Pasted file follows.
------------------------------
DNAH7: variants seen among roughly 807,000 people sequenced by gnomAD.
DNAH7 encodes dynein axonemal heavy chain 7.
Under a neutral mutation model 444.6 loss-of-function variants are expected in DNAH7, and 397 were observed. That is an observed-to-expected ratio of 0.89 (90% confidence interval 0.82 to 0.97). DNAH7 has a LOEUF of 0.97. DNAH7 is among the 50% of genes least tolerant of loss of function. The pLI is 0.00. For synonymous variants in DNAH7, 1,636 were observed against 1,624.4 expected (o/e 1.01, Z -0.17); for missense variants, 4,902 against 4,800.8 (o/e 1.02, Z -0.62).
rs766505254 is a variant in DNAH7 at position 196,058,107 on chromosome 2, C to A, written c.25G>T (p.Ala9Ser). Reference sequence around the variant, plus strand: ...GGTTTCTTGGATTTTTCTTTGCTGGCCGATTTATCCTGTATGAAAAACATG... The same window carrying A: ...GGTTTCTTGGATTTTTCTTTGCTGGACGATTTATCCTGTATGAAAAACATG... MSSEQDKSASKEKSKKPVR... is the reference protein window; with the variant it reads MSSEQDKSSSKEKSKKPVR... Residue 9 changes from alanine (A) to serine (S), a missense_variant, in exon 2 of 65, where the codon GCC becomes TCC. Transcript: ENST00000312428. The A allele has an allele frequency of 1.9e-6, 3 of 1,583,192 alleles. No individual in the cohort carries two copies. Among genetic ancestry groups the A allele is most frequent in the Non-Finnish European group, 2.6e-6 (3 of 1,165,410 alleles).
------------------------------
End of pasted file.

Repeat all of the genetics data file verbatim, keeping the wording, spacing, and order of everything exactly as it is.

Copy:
DNAH7: variants seen among roughly 807,000 people sequenced by gnomAD.
DNAH7 encodes dynein axonemal heavy chain 7.
Under a neutral mutation model 444.6 loss-of-function variants are expected in DNAH7, and 397 were observed. That is an observed-to-expected ratio of 0.89 (90% confidence interval 0.82 to 0.97). DNAH7 has a LOEUF of 0.97. DNAH7 is among the 50% of genes least tolerant of loss of function. The pLI is 0.00. For synonymous variants in DNAH7, 1,636 were observed against 1,624.4 expected (o/e 1.01, Z -0.17); for missense variants, 4,902 against 4,800.8 (o/e 1.02, Z -0.62).
rs766505254 is a variant in DNAH7 at position 196,058,107 on chromosome 2, C to A, written c.25G>T (p.Ala9Ser). Reference sequence around the variant, plus strand: ...GGTTTCTTGGATTTTTCTTTGCTGGCCGATTTATCCTGTATGAAAAACATG... The same window carrying A: ...GGTTTCTTGGATTTTTCTTTGCTGGACGATTTATCCTGTATGAAAAACATG... MSSEQDKSASKEKSKKPVR... is the reference protein window; with the variant it reads MSSEQDKSSSKEKSKKPVR... Residue 9 changes from alanine (A) to serine (S), a missense_variant, in exon 2 of 65, where the codon GCC becomes TCC. Transcript: ENST00000312428. The A allele has an allele frequency of 1.9e-6, 3 of 1,583,192 alleles. No individual in the cohort carries two copies. Among genetic ancestry groups the A allele is most frequent in the Non-Finnish European group, 2.6e-6 (3 of 1,165,410 alleles).